Venkat  Rajaraman's picture
Thank Venkat for the Post!
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Matt Chester's picture
Matt Chester on Mar 3, 2022

Swappable batteries are always intriguing, but I wonder-- can they exist economically if they don't reach the scale that charging infrastructure is trending towards? Does the EV industry need to go predominantly one way or the other, or is there room for both? 

Venkat  Rajaraman's picture
Venkat Rajaraman on Apr 14, 2022

I believe there is a room for both.  This is especially true for South Asian countries including India.  India move on two-wheelers and three-wheelers.  Setting up swapping infra for two-wheelers and three-wheelers is much easier and economical than setting up charging infra.  

Matt Chester's picture
Matt Chester on Apr 14, 2022

That's a great point that the two/three wheel vehicles can (and arguably should) be treated different than cars and larger vehicles. Thanks Venkat!

Julian Silk's picture
Julian Silk on Mar 3, 2022

Isn't there a question of the ease and length of time it takes to switch batteries?  If the fresh batteries are just sitting around in gas stations or other stations, might they be stolen?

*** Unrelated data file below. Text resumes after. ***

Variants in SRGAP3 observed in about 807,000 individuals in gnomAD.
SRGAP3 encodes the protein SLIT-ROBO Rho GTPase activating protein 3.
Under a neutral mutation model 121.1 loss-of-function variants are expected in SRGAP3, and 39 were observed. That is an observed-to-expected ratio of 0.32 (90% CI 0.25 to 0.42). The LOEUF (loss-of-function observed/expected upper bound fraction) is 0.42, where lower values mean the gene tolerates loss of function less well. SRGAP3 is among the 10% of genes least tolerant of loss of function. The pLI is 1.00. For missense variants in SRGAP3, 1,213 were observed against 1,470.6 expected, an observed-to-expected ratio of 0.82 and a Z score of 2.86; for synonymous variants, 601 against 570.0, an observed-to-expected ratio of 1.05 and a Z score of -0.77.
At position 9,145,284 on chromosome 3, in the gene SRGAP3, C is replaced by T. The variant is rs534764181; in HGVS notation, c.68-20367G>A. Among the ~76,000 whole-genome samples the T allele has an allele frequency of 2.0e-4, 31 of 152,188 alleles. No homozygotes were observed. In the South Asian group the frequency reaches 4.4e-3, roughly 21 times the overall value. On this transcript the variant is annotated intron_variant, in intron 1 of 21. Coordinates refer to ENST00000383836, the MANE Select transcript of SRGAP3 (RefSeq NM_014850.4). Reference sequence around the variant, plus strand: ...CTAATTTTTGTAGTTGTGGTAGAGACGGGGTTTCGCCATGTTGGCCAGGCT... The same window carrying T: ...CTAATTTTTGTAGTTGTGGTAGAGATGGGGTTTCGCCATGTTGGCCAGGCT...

Venkat  Rajaraman's picture
Venkat Rajaraman on May 5, 2022

These issues are well addressed.  Gogoro has addressed these issues in Taiwan.  Bounce in India has already done a million swapping on its vehicles.  Through intelligent platform one can minimise the idle time of these batteries and theft issues are addressed through authentication mechanisms.  

Jim Stack's picture
Jim Stack on Mar 4, 2022

NIO does the most swappable battery vehicles. They make top rated car and are covering more countries all the time. 

Venkat  Rajaraman's picture
Venkat Rajaraman on Apr 14, 2022

Yes.  India is also planning to come out with its swapping policy soon.  Standardisation and a good policy is key for larger roll-out.

Roger Arnold's picture
Roger Arnold on Mar 4, 2022

It's worth noting that the Gogoro system batteries are sized for manual pull-out and drop-in from vending machines. No battery swapping robot required. I presume that users need an account to open the machine. It's an ideal system for e-bikes and e-scooters, or for small, short-range personal EVs. Designed more for urban use, not so much for inter-city travel. The vending machines are compact and relatively cheap. As Venkat says, they can be installed at convenience stores. So building up a usable network of stations within targeted cities is not a big deal.

Could vending machines be broken into and the batteries stolen? Probably. Bank ATMs are occasionally broken into for their cash. But the batteries have one advantage over cash: they're electronic devices. They can be designed to be inoperable if improperly removed from the vending machine, and perhaps to broadcast an "I've been stolen" message to the cellular network.

Julian Silk's picture
Julian Silk on May 5, 2022

Agreed entirely.